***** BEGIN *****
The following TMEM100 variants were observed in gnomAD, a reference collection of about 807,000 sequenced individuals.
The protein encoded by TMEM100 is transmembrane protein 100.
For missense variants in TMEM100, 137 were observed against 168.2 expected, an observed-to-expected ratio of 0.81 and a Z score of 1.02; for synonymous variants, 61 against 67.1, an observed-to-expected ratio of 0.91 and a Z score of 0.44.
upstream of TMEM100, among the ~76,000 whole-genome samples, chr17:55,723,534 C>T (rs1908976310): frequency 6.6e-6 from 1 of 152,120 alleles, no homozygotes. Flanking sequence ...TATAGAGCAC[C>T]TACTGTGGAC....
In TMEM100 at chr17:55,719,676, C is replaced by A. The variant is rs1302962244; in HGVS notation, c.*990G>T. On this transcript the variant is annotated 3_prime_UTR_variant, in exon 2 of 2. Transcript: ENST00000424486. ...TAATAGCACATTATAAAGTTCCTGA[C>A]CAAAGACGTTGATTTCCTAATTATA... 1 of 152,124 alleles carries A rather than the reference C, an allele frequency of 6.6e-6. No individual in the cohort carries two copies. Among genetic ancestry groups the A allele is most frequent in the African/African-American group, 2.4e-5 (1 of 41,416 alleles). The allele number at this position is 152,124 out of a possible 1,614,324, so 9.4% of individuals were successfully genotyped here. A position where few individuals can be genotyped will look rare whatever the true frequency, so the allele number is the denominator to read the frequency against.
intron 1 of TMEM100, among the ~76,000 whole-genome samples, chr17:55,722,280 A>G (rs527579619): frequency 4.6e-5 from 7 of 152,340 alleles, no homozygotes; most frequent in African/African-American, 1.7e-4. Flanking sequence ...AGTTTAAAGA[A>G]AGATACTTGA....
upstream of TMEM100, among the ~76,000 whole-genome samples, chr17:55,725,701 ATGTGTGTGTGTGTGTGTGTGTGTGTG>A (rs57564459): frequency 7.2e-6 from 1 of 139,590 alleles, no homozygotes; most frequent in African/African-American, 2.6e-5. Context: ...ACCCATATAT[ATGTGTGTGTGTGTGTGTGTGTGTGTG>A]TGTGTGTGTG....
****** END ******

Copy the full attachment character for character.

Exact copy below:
The following TMEM100 variants were observed in gnomAD, a reference collection of about 807,000 sequenced individuals.
The protein encoded by TMEM100 is transmembrane protein 100.
For missense variants in TMEM100, 137 were observed against 168.2 expected, an observed-to-expected ratio of 0.81 and a Z score of 1.02; for synonymous variants, 61 against 67.1, an observed-to-expected ratio of 0.91 and a Z score of 0.44.
upstream of TMEM100, among the ~76,000 whole-genome samples, chr17:55,723,534 C>T (rs1908976310): frequency 6.6e-6 from 1 of 152,120 alleles, no homozygotes. Flanking sequence ...TATAGAGCAC[C>T]TACTGTGGAC....
In TMEM100 at chr17:55,719,676, C is replaced by A. The variant is rs1302962244; in HGVS notation, c.*990G>T. On this transcript the variant is annotated 3_prime_UTR_variant, in exon 2 of 2. Transcript: ENST00000424486. ...TAATAGCACATTATAAAGTTCCTGA[C>A]CAAAGACGTTGATTTCCTAATTATA... 1 of 152,124 alleles carries A rather than the reference C, an allele frequency of 6.6e-6. No individual in the cohort carries two copies. Among genetic ancestry groups the A allele is most frequent in the African/African-American group, 2.4e-5 (1 of 41,416 alleles). The allele number at this position is 152,124 out of a possible 1,614,324, so 9.4% of individuals were successfully genotyped here. A position where few individuals can be genotyped will look rare whatever the true frequency, so the allele number is the denominator to read the frequency against.
intron 1 of TMEM100, among the ~76,000 whole-genome samples, chr17:55,722,280 A>G (rs527579619): frequency 4.6e-5 from 7 of 152,340 alleles, no homozygotes; most frequent in African/African-American, 1.7e-4. Flanking sequence ...AGTTTAAAGA[A>G]AGATACTTGA....
upstream of TMEM100, among the ~76,000 whole-genome samples, chr17:55,725,701 ATGTGTGTGTGTGTGTGTGTGTGTGTG>A (rs57564459): frequency 7.2e-6 from 1 of 139,590 alleles, no homozygotes; most frequent in African/African-American, 2.6e-5. Context: ...ACCCATATAT[ATGTGTGTGTGTGTGTGTGTGTGTGTG>A]TGTGTGTGTG....